The most precious Natural Right is the right to live. Life is the right from which all other Natural Rights flow. The only real question regarding abortion, then, is to determine when life begins, for once we have determined that a life has begun, it is incumbent on us to protect that life through the power of government.

 

Fortunately, here in the 22nd century, the mysteries of reproduction and gestation have been largely solved. Once an egg is fertilized, a unique DNA is created and cells begin to multiply until they form a human that we would recognize. Some would pinpoint the start of life at when the heartbeat starts, or when brain activity begins, or when the baby would be viable outside of the womb. Some would allow abortion even in the moments after birth under the argument that the baby is still woefully dependent on the mother. That is the same argument that could be made for infanticide well into the toddler years.

 

For me, the most ethical and logical point at which to mark the start of life is when that unique DNA is created. That is when there is a unique life. There is clearly nothing separate from the parents before that moment and there is someone unique after it. While one could argue that life begins at a more viable state, each of those benchmarks seem arbitrary. Our moral, ethical, and legal obligation to protect life should make us err, if we are to err, on the side of prudence. It is better to accidentally protect people’s pre-lives than it is to intentionally kill them.

 

With life beginning at fertilization, we must structure our laws to protect those lives. In the case of a mother not wanting a baby, we come into a conflict of the rights of two individuals. The baby has a right to life. The mother has a right to bodily autonomy. In such cases of conflict, we make laws to decide the best, least harmful, outcome. In no other area of law do we permit the killing of one individual to protect the bodily autonomy of another. Neither should we in this case. The consequences for the mother are significant, but the consequences for the baby are cataclysmic. In such cases, we must protect the life of the baby even though its very existence imposes obligations and consequences on the mother.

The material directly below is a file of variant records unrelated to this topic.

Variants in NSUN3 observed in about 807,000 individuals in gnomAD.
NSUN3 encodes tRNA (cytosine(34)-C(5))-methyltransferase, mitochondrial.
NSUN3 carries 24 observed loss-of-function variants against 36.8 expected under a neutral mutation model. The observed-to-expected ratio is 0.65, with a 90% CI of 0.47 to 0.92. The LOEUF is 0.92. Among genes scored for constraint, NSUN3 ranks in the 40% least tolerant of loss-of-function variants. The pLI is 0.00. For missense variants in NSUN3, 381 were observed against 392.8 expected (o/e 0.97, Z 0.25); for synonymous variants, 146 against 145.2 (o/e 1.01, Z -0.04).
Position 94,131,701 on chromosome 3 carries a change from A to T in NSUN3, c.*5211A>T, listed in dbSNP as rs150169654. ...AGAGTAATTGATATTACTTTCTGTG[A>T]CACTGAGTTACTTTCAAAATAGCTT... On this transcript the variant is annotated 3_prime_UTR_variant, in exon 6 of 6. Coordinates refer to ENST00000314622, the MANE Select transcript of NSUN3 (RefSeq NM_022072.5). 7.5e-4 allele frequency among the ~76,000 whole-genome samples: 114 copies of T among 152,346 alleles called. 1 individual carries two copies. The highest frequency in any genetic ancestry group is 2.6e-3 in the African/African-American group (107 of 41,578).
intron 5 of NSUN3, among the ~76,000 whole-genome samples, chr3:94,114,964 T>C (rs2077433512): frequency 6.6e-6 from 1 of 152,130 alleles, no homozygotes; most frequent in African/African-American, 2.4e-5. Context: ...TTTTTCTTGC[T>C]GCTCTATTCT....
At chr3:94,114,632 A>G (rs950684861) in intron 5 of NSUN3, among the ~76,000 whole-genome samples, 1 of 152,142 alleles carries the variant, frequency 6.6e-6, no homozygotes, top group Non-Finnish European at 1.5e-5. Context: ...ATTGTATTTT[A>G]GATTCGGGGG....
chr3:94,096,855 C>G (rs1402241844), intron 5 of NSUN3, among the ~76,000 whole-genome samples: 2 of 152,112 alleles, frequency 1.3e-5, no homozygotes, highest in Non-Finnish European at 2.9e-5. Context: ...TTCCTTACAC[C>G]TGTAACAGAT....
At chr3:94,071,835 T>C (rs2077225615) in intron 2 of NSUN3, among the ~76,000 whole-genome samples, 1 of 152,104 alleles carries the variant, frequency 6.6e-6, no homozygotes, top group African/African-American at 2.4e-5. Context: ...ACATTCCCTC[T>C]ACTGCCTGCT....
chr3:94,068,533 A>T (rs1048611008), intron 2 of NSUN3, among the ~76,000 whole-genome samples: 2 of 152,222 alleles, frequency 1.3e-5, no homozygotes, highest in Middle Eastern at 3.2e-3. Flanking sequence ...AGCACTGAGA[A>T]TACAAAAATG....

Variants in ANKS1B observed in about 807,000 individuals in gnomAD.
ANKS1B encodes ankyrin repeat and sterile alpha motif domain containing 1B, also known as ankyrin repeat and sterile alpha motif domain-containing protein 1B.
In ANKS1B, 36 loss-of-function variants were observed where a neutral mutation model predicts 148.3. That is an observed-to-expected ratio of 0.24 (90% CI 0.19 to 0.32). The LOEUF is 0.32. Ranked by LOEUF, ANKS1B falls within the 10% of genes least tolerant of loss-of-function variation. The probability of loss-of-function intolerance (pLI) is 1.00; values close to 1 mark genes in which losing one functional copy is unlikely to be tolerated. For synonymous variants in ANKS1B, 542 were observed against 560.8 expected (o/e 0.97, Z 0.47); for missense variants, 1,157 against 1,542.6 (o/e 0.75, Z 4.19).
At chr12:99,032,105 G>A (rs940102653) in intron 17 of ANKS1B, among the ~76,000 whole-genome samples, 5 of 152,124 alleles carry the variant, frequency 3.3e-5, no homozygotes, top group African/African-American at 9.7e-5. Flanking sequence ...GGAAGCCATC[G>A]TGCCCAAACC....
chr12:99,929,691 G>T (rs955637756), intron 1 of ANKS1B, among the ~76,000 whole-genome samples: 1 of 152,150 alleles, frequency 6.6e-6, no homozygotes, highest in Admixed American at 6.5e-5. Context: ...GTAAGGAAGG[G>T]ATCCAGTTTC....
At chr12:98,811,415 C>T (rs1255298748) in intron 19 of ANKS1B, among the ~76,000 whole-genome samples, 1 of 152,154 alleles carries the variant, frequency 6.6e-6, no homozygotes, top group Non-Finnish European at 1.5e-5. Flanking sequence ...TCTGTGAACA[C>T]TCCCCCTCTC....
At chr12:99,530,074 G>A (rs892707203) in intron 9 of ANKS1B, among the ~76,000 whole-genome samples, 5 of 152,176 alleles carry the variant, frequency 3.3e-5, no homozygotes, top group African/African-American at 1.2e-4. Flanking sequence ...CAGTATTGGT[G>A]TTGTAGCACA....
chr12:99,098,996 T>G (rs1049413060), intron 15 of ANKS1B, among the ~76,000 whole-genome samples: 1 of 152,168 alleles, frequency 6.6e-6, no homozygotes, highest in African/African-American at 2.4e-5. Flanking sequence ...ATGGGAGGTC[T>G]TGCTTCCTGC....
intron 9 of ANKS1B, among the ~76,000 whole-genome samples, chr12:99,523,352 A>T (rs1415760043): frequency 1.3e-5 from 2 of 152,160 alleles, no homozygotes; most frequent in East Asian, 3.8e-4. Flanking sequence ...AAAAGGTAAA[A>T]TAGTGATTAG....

Wisconsin’s opportunity for another turn of the conservative revolution

Here is my full column that ran in the Washington County Daily News last week:

With the primary election a week away, most primary voters have made up their minds. Many of them have already cast their votes. In the Republican primary for governor, the voters are blessed with three great choices. Any of the three candidates would be a solid governor and far superior to Gov. Tony Evers. I continue to strongly think that Rebecca Kleefisch is the best choice both in terms of her ability to defeat Evers and her ability to move the conservative agenda as governor, but I can’t fault any Republican primary voter for making a different choice.

 

Whichever Republican makes it to the general election stands a good chance of winning in a red wave year. Should that occur and should the Republicans retain control of the Legislature (they should), it is another opportunity to move bold conservative ideas like the Republicans did in Governor Scott Walker’s first term. There are three big agenda items that the Republicans should pass in the first 100 days.